Method development Preliminary experiments were performed to fix the upper limits of the dyes that could be determined spectrophotometrically, and these were found to be 5 and 20 µg mL-1 for methyl orange and indigo carmine, respectively. A KBrO3 concentration of 1.0 µg mL-1 in the presence of an excess of bromide was found to irreversibly destroy the red colour of 5 µg mL-1 methyl orange whereas 4.5 µg mL-1 KBrO3 was required to bleach blue colour due to 20 µg mL-1 indigo carmine under similar concentration of bromide. Hence, different amounts of RLX were reacted with 1 mL of 10 µg mL-1 KBrO3 in method A and 1.5 mL of 30 µg mL-1 KBrO3 in method B followed by determination of the residual bromine as described under the respective procedures. For both steps, viz, the reaction between insitu bromine and RLX, and bleaching of dye by bromine, hydrochloric acid medium was found to be ideal. Two mL of 5 M hydrochloric acid and 1 mL of 2M hydrochloric acid in a total volume of ~3-4 mL were adequate for the bromination step in method A and method B, respectively. The reaction was complete in 10 and 15 min in method A and method B, respectively, and the same quantity of acid was employed for the estimation of the dye. Contact time of 10 or 15 min is not critical and any delay up to 30 min in either method had no effect on the absorbance. The absorbance of the measured colour was constant for several days even in the presence of the reaction product.

Method Validation Analytical data A linear correlation was found between absorbance at λmax and concentration of RLX. The graphs showed negligible intercept and are described by the equation: Y = a + bX (where Y = absorbance of 1-cm layer of solution; a = intercept; b = slope and X = concentration in µg mL-1). Regression analysis of the Beer’s law data using the method of least squares was made to evaluate the slope (b), intercept (a) and correlation coefficient(r) for each system and the values are presented in Table 1. The optical characteristics such as Beer’s law limits, molar absorptivity and Sandell sensitivity values of both methods are also given in Table 1. The limits of detection (LOD) and quantitation(LOQ) calculated according to ICH guidelines19 are also presented in Table. 1 and reveal the very high sensitivity of the methods.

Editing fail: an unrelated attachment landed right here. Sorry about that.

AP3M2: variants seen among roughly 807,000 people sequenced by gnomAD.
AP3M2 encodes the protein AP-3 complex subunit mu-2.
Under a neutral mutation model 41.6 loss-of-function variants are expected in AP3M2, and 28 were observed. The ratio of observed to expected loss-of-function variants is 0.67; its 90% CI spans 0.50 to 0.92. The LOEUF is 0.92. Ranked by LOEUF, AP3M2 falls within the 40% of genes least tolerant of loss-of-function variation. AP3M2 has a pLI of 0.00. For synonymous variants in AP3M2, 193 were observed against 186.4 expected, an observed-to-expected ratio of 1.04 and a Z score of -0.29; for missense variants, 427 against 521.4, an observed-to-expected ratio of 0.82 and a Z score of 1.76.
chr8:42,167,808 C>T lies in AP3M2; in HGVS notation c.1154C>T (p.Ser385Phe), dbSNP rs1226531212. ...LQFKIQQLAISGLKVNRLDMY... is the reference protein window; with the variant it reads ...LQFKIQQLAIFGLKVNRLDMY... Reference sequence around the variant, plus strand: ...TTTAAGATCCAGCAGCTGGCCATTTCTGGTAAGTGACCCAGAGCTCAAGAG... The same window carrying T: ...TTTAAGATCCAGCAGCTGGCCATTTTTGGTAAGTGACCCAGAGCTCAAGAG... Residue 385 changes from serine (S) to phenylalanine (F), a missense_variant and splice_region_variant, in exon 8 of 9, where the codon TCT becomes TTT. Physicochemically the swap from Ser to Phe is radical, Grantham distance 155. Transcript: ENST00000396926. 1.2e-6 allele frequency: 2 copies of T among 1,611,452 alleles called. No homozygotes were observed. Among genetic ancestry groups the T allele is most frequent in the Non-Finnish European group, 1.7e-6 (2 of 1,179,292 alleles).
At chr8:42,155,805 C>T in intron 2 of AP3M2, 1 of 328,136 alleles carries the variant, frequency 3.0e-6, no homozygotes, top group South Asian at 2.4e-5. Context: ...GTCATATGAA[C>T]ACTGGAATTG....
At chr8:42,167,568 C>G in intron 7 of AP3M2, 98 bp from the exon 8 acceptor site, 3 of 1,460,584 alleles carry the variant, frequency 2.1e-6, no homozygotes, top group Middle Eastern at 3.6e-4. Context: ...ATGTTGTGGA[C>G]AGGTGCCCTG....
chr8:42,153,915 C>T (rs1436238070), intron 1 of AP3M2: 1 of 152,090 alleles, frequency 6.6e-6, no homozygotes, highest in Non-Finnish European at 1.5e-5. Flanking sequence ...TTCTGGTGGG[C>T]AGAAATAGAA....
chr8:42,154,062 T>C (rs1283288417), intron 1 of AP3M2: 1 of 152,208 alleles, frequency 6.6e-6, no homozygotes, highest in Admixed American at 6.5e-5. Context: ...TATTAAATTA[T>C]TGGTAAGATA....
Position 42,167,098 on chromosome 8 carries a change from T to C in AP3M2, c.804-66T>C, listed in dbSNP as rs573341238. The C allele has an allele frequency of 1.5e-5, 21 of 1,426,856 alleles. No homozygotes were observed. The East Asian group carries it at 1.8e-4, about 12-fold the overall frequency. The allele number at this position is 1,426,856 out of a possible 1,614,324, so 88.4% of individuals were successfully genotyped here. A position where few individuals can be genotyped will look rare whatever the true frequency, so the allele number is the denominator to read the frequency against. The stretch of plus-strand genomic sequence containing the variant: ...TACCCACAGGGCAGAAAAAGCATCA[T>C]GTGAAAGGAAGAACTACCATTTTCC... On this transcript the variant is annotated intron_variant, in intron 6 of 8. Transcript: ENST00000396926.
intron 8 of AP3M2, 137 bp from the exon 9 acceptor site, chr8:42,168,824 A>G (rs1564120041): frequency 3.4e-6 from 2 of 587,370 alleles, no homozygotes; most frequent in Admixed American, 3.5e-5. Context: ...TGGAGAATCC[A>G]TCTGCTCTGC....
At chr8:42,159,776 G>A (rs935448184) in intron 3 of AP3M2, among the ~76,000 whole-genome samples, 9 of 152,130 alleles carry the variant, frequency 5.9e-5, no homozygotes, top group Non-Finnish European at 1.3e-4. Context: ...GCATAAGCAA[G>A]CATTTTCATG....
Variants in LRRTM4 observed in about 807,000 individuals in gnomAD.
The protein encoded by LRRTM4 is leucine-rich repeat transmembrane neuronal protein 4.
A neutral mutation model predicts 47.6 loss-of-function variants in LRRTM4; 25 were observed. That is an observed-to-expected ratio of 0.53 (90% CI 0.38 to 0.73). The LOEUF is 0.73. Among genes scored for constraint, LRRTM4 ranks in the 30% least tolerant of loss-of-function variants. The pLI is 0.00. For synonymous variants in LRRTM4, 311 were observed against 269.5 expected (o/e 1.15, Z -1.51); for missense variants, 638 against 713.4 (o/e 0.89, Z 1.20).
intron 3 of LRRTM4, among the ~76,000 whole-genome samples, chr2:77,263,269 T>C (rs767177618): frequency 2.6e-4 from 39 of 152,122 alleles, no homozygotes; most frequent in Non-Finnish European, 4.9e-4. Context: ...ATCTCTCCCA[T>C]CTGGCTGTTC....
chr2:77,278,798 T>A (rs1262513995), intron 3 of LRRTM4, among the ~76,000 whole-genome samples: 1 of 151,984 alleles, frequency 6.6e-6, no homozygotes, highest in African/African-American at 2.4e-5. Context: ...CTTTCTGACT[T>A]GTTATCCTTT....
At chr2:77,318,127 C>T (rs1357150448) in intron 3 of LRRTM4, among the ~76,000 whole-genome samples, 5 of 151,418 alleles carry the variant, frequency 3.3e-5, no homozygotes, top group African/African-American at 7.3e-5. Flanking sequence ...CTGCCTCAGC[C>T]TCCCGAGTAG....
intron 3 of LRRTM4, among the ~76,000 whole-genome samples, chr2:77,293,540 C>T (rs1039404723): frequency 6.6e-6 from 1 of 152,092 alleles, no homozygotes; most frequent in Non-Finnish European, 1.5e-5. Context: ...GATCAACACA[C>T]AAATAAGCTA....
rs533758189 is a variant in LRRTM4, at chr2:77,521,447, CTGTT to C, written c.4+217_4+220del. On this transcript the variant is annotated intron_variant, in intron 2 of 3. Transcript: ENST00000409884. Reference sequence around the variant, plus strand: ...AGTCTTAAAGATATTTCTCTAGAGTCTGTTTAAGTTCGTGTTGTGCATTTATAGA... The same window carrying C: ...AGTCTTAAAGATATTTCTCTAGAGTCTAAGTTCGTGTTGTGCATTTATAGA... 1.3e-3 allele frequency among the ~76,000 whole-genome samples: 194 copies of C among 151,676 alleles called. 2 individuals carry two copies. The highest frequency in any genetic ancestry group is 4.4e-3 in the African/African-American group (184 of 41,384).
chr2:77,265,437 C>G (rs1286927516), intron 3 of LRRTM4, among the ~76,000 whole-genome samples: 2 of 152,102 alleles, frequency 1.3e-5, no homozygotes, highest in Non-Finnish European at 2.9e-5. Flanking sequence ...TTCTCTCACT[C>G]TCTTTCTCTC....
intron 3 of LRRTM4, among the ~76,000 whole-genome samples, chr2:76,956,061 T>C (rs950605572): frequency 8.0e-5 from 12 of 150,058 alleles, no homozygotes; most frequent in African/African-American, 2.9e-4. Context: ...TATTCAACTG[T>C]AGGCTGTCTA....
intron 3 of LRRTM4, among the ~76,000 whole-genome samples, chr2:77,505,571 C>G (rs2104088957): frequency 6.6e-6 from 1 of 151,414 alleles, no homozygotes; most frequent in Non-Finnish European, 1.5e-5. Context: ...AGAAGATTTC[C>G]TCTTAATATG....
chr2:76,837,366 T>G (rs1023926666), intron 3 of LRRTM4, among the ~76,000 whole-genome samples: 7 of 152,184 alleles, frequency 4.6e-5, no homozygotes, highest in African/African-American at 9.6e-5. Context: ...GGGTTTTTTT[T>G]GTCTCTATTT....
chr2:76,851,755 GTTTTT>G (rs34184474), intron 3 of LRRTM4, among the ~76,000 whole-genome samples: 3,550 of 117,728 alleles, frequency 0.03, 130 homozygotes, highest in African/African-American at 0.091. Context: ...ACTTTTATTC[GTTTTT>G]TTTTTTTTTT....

Accuracy and precision To evaluate the accuracy and precision of the methods, pure drug solution at three different levels (within the working limits) was analysed, each determination being repeated seven times. The relative error (%) and relative standard deviation (%) were less than 2.0 and indicate the high accuracy and precision for the methods (Table 2). For a better picture of

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reproducibility on a day-to-day basis, a series of experiments were performed in which standard drug solution at three different levels was determined each day for five days with all solutions being prepared afresh each day. The day-to-day relative standard deviation values were in the range of 2.3-3.5% and represent the best appraisal of the methods in routine use.

Table 1. Analytical and regression parameters of the proposed methods Parameter λmax, nm Beer’s law limits, µg mL-1 Molar absorptivity, l mol-1 cm-1 Sandell sensitivity, µg cm-2 Limit of detection, µg mL-1 Limit of quantification, µg mL-1 Regression equation, Y* Intercept (a) Slope (b) Correlation coefficient, (r)